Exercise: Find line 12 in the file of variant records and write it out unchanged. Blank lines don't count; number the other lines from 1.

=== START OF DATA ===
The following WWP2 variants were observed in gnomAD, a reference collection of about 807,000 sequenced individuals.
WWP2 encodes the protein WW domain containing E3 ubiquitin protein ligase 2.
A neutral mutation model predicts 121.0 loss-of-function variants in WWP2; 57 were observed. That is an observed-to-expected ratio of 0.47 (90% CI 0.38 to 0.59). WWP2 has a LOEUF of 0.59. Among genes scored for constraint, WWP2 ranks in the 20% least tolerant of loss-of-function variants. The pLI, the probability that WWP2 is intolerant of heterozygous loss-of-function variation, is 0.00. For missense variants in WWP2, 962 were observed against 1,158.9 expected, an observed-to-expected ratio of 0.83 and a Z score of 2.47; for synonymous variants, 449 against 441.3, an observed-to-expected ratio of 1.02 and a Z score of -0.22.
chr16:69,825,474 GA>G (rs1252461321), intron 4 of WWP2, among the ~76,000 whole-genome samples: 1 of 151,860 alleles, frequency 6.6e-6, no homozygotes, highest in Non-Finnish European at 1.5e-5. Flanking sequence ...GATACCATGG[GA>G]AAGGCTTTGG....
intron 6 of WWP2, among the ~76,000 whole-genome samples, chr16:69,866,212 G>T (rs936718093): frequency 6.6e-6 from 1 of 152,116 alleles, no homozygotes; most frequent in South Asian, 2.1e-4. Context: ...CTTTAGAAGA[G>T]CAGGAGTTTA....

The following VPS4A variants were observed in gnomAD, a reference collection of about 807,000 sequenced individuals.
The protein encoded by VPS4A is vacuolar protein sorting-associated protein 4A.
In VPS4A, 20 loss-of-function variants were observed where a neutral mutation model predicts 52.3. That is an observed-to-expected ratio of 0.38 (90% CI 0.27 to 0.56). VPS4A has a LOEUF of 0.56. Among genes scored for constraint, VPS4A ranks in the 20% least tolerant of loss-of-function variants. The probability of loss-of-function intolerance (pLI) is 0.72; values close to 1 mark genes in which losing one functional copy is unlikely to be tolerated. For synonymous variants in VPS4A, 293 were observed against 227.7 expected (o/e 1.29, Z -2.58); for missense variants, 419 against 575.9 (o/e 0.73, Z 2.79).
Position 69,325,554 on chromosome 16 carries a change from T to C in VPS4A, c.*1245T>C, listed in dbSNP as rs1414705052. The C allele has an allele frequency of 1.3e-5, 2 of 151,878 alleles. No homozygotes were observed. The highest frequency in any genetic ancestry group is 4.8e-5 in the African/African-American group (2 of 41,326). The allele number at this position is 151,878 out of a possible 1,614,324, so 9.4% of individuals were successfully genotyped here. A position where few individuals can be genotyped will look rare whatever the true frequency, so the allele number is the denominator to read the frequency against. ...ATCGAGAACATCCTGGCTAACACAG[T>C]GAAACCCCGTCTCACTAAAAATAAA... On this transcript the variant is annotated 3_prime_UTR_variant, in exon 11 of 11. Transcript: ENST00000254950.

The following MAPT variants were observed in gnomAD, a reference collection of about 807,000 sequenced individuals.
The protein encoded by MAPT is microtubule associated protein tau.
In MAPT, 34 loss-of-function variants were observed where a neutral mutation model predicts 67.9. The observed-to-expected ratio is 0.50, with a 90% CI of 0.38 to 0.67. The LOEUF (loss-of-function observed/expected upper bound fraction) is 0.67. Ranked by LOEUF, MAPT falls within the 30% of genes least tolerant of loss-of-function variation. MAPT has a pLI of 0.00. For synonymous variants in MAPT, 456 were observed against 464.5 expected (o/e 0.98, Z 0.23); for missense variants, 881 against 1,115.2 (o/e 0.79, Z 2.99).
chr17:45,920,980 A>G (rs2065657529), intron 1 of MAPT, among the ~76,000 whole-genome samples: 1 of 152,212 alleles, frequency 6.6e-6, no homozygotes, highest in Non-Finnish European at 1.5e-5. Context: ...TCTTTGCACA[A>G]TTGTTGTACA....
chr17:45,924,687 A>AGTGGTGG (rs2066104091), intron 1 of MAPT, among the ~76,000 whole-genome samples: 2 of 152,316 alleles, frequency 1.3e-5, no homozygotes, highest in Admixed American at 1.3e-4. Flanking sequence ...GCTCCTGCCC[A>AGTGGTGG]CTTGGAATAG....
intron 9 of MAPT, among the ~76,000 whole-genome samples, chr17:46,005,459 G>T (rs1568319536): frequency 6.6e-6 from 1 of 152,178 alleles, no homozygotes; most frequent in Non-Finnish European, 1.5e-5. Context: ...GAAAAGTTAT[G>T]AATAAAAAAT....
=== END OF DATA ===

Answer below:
In MAPT, 34 loss-of-function variants were observed where a neutral mutation model predicts 67.9. The observed-to-expected ratio is 0.50, with a 90% CI of 0.38 to 0.67. The LOEUF (loss-of-function observed/expected upper bound fraction) is 0.67. Ranked by LOEUF, MAPT falls within the 30% of genes least tolerant of loss-of-function variation. MAPT has a pLI of 0.00. For synonymous variants in MAPT, 456 were observed against 464.5 expected (o/e 0.98, Z 0.23); for missense variants, 881 against 1,115.2 (o/e 0.79, Z 2.99).